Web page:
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Successful Adjustment in a Multi-Sectoral Economy

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  • Joshua Aizenman

Abstract

This study analyzes the adjustment to a fiscal reform in a dependent economy. It evaluates the economic factors that are relevant for making the choice between a cut in employment versus a cut in wages as a means of reducing the fiscal wage bill. We demonstrate that in the presence of costly short-run mobility of labor there is a natural advantage to a wage policy over employment policy. Fiscal deficits can be dealt with successfully by a wage policy and with the corresponding adjustment in government demand. These policies may have only marginal consequences on production of traded gds in the short run in the presence of costs of adjustment. Over time the gain in the production of traded goods is determined by the credibility of the fiscal reform. It is shown that the absence of credibility may have major consequences on the adjustment, because it will depress the magnitude of the private investment associated with the fiscal reform.

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Bibliographic Info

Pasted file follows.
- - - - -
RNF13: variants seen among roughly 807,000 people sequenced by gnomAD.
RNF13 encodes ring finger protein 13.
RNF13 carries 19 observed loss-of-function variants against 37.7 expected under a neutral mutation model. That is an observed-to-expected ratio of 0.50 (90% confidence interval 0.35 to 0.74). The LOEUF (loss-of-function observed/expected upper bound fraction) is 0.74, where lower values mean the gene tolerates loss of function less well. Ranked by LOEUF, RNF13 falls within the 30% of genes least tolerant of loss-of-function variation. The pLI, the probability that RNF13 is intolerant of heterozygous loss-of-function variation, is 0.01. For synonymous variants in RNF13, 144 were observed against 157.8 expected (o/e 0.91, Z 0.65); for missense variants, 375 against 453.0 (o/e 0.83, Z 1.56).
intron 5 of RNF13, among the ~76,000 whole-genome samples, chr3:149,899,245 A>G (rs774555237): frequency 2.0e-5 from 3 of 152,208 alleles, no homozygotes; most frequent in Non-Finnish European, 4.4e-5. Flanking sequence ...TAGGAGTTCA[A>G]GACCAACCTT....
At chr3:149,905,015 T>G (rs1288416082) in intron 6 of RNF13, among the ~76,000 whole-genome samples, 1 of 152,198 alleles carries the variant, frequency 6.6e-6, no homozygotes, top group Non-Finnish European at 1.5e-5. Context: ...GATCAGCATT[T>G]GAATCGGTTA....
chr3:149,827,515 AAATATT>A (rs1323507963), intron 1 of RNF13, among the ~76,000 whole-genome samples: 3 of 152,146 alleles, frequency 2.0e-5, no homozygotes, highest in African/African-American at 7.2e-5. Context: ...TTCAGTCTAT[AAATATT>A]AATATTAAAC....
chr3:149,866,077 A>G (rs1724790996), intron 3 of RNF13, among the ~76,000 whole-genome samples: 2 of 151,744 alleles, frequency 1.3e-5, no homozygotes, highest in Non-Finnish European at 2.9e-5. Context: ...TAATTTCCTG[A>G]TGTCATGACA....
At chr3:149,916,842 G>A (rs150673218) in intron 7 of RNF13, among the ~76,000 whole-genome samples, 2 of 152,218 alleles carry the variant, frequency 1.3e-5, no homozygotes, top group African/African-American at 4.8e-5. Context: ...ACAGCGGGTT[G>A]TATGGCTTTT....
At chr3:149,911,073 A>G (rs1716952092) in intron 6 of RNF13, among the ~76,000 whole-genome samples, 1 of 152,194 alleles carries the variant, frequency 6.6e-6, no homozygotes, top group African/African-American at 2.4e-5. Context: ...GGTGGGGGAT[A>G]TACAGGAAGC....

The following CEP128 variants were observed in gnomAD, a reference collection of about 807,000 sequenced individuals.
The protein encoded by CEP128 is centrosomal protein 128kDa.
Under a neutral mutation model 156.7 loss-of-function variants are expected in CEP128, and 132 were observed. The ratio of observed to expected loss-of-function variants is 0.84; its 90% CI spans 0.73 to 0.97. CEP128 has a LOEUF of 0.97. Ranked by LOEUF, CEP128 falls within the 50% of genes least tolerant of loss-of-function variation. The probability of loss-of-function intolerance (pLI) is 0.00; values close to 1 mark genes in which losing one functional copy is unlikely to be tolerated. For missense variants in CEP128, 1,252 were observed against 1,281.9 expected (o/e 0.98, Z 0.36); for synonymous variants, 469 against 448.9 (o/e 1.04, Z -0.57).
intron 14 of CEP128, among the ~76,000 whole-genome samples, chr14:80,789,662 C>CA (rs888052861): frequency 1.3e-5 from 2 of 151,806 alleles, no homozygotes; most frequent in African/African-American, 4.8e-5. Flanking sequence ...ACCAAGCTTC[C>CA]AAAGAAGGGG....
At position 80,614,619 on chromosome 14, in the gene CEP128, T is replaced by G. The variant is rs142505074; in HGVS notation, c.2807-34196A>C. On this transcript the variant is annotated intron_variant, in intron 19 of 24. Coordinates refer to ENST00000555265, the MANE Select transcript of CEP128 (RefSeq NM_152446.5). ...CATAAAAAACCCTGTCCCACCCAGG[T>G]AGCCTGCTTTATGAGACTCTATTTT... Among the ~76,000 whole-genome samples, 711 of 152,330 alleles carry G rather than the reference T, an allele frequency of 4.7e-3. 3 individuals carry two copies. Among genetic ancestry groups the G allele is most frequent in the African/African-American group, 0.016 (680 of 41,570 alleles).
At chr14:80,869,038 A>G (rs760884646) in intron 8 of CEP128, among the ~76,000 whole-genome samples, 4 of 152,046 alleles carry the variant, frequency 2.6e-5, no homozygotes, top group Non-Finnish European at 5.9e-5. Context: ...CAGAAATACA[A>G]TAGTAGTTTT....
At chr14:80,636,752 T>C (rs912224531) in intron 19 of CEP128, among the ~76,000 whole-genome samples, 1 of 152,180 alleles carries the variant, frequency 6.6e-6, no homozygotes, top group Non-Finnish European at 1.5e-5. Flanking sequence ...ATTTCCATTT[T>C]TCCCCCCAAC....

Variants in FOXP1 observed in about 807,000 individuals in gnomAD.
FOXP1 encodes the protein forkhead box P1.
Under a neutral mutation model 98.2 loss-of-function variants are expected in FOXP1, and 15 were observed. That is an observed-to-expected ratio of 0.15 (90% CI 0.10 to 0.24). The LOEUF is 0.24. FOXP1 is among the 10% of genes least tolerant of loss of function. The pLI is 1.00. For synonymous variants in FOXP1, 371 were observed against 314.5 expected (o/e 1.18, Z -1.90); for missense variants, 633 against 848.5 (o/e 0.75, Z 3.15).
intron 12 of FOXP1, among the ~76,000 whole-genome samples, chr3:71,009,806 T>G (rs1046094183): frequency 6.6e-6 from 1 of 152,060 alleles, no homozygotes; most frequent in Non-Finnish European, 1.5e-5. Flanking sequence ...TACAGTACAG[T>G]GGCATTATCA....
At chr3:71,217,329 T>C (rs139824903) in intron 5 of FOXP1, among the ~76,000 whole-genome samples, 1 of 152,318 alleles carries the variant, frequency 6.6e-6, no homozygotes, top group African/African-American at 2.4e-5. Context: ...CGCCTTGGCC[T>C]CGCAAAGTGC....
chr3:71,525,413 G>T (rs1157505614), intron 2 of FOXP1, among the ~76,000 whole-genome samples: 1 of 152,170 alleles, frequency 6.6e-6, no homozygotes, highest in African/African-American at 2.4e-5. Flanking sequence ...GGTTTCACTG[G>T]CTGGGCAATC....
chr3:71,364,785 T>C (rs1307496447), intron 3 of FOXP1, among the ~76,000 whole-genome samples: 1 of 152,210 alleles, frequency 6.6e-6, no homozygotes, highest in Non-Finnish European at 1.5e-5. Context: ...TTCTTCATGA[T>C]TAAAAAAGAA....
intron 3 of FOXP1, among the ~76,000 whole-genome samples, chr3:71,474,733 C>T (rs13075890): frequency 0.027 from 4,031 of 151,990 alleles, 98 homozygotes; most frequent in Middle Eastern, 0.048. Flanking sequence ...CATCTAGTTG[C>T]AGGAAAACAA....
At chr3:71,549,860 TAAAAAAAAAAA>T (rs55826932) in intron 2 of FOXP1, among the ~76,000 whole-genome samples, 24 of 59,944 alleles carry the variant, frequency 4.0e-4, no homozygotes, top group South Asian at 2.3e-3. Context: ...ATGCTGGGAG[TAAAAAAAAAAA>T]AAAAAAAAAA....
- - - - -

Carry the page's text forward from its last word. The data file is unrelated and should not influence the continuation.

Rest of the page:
Paper provided by National Bureau of Economic Research, Inc in its series NBER Working Papers with number 2202.

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Date of creation: Apr 1987
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Publication status: published as From International Economic Journal, Vol. 2, No. 1, pp. 85-99, (Spring 1988).
Handle: RePEc:nbr:nberwo:2202

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  1. R. Dornbusch, 1984. "External Debt, Budget Deficits and Disequilibrium Exchange Rates," Working papers 347, Massachusetts Institute of Technology (MIT), Department of Economics.
  2. Rudiger Dornbusch & Stanley Fischer, 1986. "Stopping Hyperinflations Past and Present," NBER Working Papers 1810, National Bureau of Economic Research, Inc.
  3. Brecher, Richard A, 1974. "Minimum Wage Rates and the Pure Theory of International Trade," The Quarterly Journal of Economics, MIT Press, vol. 88(1), pages 98-116, February.
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